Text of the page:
View Full Version : Mindset just before shooting
I have been a student of self-defense shootings for almost 40 years, and I have read where armed interveners have hesitated for some amount of time (before shooting) to consider the legal consequences of armed intervention. My question is - is there anything more important than the protection of innocent lives from the illegal and deadly actions of an armed criminal? I know that in my trained mind, I have decided that if I am ever threatened by an armed felon, I am going to shoot and keep shooting until the criminal is down and out permanently. With 17 rounds of +P+ 115gr jhp 9x19s, I don't anticipate needing more than five rounds, leaving me 12 rounds for whatever comes next. What I will also have to get for whatever comes next is a good criminal lawyer. My best advice is to just do the right and necessary thing and let the lawyers argue about it later. Am I off base here?
I'd say yeah, maybe a little off base, SC. Here's why.
I've talked with too many people who froze because they weren't sure they could handle the aftermath. That's been known to get folks killed. I've found the people who fully understand the legal, sociological, and psychological aftermath of having had to use deadly force -- AND UNDERSTAND IT TO THE DEGREE THAT THEY KNOW THEY CAN HANDLE IT -- don't suffer from that deadly hesitation. That's why I've spent decades incorporating that training along with the shooting elements and the tactical elements.
not hesitate for even an instant. If someone threatens my life, they will be on the ground dead in less than five seconds. :faint:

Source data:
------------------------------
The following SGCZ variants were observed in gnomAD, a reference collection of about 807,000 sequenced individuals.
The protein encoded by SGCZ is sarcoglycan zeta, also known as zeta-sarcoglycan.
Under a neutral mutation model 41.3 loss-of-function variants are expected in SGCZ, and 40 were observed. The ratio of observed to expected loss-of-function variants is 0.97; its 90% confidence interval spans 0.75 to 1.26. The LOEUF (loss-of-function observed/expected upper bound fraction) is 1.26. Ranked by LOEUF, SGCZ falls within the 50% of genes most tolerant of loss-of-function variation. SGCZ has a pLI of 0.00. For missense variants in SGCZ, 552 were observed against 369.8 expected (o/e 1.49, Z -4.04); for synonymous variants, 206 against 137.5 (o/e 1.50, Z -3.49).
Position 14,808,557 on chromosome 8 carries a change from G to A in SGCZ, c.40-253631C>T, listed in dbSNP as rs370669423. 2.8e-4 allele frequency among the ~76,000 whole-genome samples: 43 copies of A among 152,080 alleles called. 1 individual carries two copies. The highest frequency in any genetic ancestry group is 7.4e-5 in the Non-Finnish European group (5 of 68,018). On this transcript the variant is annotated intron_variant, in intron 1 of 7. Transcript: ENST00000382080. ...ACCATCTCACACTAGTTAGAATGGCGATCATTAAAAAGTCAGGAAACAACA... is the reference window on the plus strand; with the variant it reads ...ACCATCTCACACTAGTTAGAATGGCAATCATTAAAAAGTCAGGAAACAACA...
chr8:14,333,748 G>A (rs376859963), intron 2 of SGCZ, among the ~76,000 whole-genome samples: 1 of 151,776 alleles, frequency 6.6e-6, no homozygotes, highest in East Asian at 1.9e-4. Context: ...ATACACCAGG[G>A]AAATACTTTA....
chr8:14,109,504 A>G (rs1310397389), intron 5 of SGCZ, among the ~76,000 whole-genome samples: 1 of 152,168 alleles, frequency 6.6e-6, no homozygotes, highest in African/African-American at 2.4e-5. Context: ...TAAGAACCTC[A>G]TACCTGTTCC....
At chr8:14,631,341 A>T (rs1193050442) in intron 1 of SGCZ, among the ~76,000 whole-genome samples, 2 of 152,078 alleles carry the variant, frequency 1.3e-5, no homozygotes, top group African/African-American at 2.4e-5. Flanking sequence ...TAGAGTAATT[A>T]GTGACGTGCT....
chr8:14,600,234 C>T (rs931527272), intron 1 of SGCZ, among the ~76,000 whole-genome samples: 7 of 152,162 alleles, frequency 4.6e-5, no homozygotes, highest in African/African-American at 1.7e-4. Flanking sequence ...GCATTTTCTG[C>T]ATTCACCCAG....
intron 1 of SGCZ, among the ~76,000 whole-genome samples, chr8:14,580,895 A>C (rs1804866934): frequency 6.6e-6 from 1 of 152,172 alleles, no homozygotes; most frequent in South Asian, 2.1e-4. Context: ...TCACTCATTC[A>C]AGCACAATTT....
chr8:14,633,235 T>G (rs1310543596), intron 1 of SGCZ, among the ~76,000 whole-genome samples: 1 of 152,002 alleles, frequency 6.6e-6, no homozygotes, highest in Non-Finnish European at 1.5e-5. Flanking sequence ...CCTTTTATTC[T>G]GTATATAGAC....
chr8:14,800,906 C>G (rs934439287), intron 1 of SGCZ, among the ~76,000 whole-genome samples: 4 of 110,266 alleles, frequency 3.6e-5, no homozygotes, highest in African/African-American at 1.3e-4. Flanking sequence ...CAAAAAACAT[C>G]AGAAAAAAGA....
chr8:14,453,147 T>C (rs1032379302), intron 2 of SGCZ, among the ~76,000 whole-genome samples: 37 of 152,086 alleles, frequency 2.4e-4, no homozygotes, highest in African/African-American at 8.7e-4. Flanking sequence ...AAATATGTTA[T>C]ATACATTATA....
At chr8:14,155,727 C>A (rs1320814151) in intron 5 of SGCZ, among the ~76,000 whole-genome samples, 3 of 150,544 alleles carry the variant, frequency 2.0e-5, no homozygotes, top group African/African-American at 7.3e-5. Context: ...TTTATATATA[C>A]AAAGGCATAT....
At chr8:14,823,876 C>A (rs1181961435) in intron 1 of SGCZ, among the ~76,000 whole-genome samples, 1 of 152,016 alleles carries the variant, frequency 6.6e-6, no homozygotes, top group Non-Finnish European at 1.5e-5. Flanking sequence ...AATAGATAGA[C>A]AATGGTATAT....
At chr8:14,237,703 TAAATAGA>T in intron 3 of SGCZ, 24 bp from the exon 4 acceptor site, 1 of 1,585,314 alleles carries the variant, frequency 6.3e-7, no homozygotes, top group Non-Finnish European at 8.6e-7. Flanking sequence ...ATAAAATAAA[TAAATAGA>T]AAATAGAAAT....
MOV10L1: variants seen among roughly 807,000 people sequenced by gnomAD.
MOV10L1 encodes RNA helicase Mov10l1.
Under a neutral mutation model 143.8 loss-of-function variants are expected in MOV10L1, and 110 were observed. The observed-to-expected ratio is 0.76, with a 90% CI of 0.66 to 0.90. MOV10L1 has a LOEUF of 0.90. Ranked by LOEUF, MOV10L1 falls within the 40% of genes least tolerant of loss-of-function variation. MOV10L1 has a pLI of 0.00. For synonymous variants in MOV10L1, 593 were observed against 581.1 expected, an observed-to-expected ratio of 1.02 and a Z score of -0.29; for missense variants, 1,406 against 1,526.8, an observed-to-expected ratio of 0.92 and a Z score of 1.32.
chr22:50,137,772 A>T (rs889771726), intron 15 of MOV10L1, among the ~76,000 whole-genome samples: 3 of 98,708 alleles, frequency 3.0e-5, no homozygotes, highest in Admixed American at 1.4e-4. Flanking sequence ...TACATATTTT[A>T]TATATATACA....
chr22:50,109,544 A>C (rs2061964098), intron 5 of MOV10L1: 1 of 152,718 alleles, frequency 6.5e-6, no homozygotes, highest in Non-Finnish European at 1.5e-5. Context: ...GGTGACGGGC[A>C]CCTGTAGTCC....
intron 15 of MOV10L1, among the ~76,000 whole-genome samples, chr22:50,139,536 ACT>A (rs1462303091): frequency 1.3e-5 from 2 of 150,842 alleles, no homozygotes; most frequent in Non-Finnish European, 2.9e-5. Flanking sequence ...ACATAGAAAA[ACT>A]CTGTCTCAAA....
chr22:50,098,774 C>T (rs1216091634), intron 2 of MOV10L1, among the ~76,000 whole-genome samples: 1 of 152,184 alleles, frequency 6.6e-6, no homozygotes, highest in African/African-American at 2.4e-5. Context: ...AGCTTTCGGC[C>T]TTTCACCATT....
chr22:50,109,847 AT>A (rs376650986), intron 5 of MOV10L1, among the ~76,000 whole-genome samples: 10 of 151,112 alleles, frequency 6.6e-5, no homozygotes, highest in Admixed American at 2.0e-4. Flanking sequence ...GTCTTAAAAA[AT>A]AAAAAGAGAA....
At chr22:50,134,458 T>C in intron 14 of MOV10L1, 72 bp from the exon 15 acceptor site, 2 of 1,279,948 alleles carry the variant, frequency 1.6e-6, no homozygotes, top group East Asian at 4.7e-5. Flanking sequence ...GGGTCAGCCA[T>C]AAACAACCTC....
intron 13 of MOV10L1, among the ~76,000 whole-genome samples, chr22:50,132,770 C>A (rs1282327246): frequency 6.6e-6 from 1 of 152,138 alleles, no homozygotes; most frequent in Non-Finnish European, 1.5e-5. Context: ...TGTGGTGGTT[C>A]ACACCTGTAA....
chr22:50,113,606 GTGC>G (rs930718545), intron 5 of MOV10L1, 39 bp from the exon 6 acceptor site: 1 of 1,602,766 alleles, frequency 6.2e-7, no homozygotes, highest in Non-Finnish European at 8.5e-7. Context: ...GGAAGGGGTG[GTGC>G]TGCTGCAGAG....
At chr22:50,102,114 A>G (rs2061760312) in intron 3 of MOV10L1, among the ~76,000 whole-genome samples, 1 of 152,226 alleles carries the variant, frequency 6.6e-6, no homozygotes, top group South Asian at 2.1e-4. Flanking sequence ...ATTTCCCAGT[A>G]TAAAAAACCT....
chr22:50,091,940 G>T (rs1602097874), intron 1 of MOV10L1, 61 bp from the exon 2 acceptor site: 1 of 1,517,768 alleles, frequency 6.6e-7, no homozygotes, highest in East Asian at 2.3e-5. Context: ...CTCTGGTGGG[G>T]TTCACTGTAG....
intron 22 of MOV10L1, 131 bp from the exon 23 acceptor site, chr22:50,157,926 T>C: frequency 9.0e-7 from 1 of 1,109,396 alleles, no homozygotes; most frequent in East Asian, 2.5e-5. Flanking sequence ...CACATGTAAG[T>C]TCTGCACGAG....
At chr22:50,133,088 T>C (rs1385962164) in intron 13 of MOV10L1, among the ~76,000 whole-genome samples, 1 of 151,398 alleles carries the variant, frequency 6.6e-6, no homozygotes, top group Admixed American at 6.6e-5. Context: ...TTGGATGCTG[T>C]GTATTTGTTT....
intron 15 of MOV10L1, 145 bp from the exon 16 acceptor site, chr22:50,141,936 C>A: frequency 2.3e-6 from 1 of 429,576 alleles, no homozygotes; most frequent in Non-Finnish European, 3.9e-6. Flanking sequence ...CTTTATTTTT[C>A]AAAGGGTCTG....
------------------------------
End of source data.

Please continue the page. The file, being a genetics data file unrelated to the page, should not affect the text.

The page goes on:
Another member sent me this about the topic:While I am prepared, plan and train to have no hesitation in defense of self and loved ones; I cannot say the same would be true where others are concerned. It is not within my preconceived plans to make an armed intervention in cases where I donít know the participants and the history of what got them to that place and time; however, I can conceive a handful of cases where I might.
In my personal opinion, an armed intervention in defense of strangers where nothing other than the previous 30 seconds is known is not wise. Hesitating and further observing may be just what is necessary to make certain we donít make a mistake weíll live the rest of our lives to regret. At the very least, take no action until you can determine who the criminal is.
That brings up some side issues for sure. It makes me think . . . . :dunno: I guess that I'll stay with my plan. Draw and shoot when I feel distinctly threatened with deadly force, and shoot until the attacker is down and dead.
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